That's the astonishing fearlessness revealed in her words. Her utter contempt for a Russian soldier and his gun, her scorn that he imagines his power is anything but temporary.
It's fearlessness that isn't just personal, but faithful.
And that's what's really breathtaking, I think. To be able, in the midst of violent presenting danger, not merely to stand up to it directly but to sustain despite all its chaos the crystal clear conviction that the goodness of Godness, the sovereignty and righteousness and justice of Godness Will. Never. Fail. – "put these seeds in your pocket so sunflowers will grow when you're dead" –
It's breathtaking faithful fearlessness. And where does it come from? How does it happen? Inquiring minds might possibly need to know.
I've always found Transfiguration Sunday a teensy bit exhausting. Every single year on the last Sunday of Epiphany, right before we begin the season of Lent: the same gospel story, year after year, of Jesus taking a few of his disciples up a mountain to pray –
and suddenly he's shiny and sparkly Jesus, apparently out of nowhere. And suddenly he's joined by shiny Moses and shiny Elijah as a sort of sparkly trifecta of divine manifestations in earthly form.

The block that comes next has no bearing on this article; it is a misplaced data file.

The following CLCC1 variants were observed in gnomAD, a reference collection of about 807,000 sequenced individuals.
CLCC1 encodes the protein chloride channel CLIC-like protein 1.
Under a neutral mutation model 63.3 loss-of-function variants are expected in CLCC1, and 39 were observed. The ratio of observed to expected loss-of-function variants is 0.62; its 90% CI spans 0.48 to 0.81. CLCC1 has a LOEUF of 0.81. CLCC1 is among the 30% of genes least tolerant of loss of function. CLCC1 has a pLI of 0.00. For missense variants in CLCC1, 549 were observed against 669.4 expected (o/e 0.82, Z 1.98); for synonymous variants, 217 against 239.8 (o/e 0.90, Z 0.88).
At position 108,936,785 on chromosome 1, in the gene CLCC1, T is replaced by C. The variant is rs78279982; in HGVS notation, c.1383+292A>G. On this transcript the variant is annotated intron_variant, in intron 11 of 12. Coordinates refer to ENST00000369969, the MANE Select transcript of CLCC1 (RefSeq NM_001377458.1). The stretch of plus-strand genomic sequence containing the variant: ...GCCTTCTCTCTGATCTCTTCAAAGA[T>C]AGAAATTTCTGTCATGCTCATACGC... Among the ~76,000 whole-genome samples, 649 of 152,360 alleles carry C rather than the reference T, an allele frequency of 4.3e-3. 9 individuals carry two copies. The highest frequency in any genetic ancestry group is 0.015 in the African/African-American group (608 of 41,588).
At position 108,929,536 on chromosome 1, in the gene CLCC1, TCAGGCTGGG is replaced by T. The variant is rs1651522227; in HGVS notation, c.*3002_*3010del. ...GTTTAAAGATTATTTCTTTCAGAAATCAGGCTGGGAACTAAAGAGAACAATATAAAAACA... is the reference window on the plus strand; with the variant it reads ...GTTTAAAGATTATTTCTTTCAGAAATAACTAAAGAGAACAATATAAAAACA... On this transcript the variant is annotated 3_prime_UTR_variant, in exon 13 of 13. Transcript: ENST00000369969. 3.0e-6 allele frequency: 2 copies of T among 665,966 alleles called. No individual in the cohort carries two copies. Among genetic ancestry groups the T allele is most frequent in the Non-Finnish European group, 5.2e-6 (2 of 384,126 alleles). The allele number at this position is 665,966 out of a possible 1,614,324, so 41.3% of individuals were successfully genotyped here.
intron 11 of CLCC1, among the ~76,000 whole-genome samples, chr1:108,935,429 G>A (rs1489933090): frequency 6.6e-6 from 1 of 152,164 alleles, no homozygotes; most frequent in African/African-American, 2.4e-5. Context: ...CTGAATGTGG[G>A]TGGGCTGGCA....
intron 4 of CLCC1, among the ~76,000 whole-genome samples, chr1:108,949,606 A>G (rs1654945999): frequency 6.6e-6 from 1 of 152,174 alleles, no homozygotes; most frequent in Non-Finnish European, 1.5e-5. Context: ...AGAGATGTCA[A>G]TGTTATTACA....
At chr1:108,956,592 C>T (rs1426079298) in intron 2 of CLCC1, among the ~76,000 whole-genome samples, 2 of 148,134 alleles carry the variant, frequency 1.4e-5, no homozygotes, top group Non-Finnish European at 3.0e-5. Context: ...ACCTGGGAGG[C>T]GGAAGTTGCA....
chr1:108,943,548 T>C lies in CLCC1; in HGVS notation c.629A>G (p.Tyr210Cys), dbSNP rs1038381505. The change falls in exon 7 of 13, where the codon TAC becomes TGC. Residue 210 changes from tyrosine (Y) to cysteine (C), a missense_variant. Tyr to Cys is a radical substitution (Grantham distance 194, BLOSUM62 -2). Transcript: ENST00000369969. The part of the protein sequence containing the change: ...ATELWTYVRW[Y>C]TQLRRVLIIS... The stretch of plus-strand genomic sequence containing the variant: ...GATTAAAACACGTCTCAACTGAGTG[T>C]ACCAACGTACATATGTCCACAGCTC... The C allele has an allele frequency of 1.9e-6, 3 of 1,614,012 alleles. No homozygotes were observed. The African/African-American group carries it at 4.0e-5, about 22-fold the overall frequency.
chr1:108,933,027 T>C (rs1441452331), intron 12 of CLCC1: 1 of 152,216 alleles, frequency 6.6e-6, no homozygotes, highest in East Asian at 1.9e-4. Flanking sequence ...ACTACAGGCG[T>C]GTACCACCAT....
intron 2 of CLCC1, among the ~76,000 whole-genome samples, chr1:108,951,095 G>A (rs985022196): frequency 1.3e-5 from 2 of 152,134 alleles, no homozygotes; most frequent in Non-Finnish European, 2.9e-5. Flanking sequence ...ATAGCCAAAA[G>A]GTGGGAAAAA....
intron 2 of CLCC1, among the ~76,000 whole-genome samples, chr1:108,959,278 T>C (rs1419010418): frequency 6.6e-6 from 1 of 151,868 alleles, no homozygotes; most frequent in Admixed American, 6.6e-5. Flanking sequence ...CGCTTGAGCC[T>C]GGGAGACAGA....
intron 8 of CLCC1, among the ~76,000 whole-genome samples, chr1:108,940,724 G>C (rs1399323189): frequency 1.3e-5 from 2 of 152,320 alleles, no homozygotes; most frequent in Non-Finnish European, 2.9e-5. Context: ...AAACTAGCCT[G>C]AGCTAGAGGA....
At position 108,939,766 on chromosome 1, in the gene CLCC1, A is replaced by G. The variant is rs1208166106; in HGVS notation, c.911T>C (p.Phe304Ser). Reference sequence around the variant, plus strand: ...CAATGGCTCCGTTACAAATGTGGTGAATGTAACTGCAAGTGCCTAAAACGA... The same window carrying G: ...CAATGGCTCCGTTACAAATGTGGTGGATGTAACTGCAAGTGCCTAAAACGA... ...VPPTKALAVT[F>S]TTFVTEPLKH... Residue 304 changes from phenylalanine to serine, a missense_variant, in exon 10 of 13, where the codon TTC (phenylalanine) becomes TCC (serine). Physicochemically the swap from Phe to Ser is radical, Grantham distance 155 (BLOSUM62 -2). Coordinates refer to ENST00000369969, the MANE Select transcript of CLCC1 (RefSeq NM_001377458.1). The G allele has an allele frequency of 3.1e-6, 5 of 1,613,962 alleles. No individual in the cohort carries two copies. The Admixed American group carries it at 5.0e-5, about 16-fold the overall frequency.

And suddenly, bewildered disciples and clouds descending and the thundering voice of "This is my son, my beloved, listen to him."
And then stillness. And back down the mountain and back to work, with Peter still wondering if somehow they missed something. Which to some degree I think I've always had some sympathy for him, wondering that.
Because why? Why this weird interlude? Why this sudden, random, shiny, sparkly Transfiguration EVENT up on a mountain, which isn't warned about or predicted in any way before, and no one's supposed to talk about it after?
But I think in fact, far later when the disciples actually begin to write these stories down into the collections that we now call the gospels – I think in fact that maybe it only WAS later that the randomness and suddenness and weirdness of the transfiguration began to make some sense for them. And so can for us too.
Because it really does happen right smack dab in the middle of a whole lot of moments that are specific and particular and meaningful. That are mattering to the disciples.
Healing moments and teaching moments, but also confrontation moments and argument moments and dealing with conflict moments, each of which and all of which are Jesus' disciples basically learning on the ground what this faithful path they've chosen looks like.
Everything from kindness and welcome to everyone, including those marginalized as "sinners", to miracles of healing that restore not only well-being but community, to even how to deal with people who reject the message or seek to harm them – it's right before the Transfiguration that Jesus tells all those who are sent out that if a village or town won't welcome them, they should just wipe that town's dust from their feet and keep going.
It's all very moment by moment, learning on the ground this "way" of following Jesus.
And maybe TOO moment by moment. Maybe there was a sense in which the disciples had begun sort of domesticating the goodness of Godness, either locating it or wondering where it had got to, in the particularity or the specificity of this encounter or that confrontation or the other episode.